We should welcome a referendum on euro Constitution
This article first appeared on the website of the
Socialist Environmental Alliance and has been reproduced
with their kind permission
Socialist Environmental Alliance European candidate, Eamonn McCann,
has welcomed the planned referendum on a European Constitution.
"Europe is widely seen as irrelevant to everyday life here", says Mr.
McCann. "But one of our reasons for standing in June's election is to
highlight the way many major issues of concern to ordinary people are
affected by EU policies.
"The referendum should spark a wide debate on what kind of Europe we
want - a Social Europe of solidarity and justice or a market-led Europe
that tries to compete with the US in the economic and military spheres.
Mr. McCann claims that the way the proposed EU Constitution has been
presented by mainstream politicians has been 'deceitful'.
"They have given the impression that the most divisive issues in the
Constitution are around the voting powers of the various countries.
Certainly, we have concerns about the effect of some of the voting
"However", the socialist argues, "the real issues for trade
unionists, anti-war and anti-racist activists are hidden in the detail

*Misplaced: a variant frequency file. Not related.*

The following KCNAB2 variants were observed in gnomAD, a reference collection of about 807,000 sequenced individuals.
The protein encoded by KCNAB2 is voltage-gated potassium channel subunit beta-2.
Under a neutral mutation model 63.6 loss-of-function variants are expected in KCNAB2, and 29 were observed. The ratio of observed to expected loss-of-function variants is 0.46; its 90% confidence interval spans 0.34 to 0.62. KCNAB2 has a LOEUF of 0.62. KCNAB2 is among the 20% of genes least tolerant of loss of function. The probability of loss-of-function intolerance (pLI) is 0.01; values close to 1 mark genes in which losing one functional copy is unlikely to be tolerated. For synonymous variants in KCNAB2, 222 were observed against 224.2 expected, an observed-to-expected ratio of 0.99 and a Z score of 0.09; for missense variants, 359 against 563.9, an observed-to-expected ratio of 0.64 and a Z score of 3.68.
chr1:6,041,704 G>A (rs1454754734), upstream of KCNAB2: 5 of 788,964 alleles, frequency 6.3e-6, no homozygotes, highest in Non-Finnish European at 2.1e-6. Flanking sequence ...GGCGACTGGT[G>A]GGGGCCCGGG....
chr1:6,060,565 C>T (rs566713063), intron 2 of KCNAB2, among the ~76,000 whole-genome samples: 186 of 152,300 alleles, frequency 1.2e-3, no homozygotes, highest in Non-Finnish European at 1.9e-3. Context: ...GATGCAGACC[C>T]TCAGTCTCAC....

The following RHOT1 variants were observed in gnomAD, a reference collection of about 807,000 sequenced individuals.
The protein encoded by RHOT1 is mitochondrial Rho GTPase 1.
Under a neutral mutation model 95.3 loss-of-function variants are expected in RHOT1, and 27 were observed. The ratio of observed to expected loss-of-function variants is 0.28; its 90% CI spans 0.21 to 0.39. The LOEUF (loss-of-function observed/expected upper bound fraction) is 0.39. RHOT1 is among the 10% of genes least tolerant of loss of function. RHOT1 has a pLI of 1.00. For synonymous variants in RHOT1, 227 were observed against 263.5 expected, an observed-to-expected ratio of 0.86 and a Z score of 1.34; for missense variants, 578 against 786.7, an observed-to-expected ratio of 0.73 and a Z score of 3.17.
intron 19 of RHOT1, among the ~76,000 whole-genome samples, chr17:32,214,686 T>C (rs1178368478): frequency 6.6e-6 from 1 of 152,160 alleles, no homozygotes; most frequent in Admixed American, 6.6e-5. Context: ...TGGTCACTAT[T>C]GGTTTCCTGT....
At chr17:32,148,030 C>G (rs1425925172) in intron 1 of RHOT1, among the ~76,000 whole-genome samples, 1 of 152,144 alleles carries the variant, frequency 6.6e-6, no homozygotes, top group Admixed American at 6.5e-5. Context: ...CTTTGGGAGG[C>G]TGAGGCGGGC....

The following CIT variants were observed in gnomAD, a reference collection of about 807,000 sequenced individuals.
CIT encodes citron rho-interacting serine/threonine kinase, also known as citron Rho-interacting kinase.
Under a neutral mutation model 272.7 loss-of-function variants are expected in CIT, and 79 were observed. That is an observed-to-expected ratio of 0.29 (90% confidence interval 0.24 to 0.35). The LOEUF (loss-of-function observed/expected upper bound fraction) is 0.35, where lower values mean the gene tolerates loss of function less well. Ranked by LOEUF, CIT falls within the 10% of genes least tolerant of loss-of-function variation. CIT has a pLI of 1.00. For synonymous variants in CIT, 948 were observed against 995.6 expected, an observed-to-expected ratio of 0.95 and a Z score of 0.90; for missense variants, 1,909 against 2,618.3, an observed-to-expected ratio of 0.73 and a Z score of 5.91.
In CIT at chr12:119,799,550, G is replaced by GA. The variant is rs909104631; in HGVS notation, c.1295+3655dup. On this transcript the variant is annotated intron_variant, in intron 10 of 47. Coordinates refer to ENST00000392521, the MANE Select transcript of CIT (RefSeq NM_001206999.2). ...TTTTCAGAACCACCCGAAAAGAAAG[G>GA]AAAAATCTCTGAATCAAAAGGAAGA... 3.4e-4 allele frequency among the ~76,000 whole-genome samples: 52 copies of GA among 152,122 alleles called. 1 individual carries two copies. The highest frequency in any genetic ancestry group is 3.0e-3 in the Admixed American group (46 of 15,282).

of the Constitution and, without a referendum, we would have little
chance of bringing these issues out into the open.
"There are four main areas of concern: the proposed Constitution
opens many of our public services, including health and education, to
privatisation; it increases the militarisation of Europe and obliges
member states to 'progressively improve their military capabilities'; it
promotes investment in nuclear power; and it will make it more difficult
for people fleeing war and persecution to obtain asylum in Europe.
"There are, of course, elements of the proposed Constitution that are
to be welcomed", says Mr. McCann. "For example, it incorporates the EU
Charter of Fundamental Rights, which at present has no power. This
broadens out human rights to include social and economic rights, a
welcome development. However, even here there are concerns since it also
allows basic human rights to be limited it this is seen to meet 'the
objectives of general interest recognised by the Union'.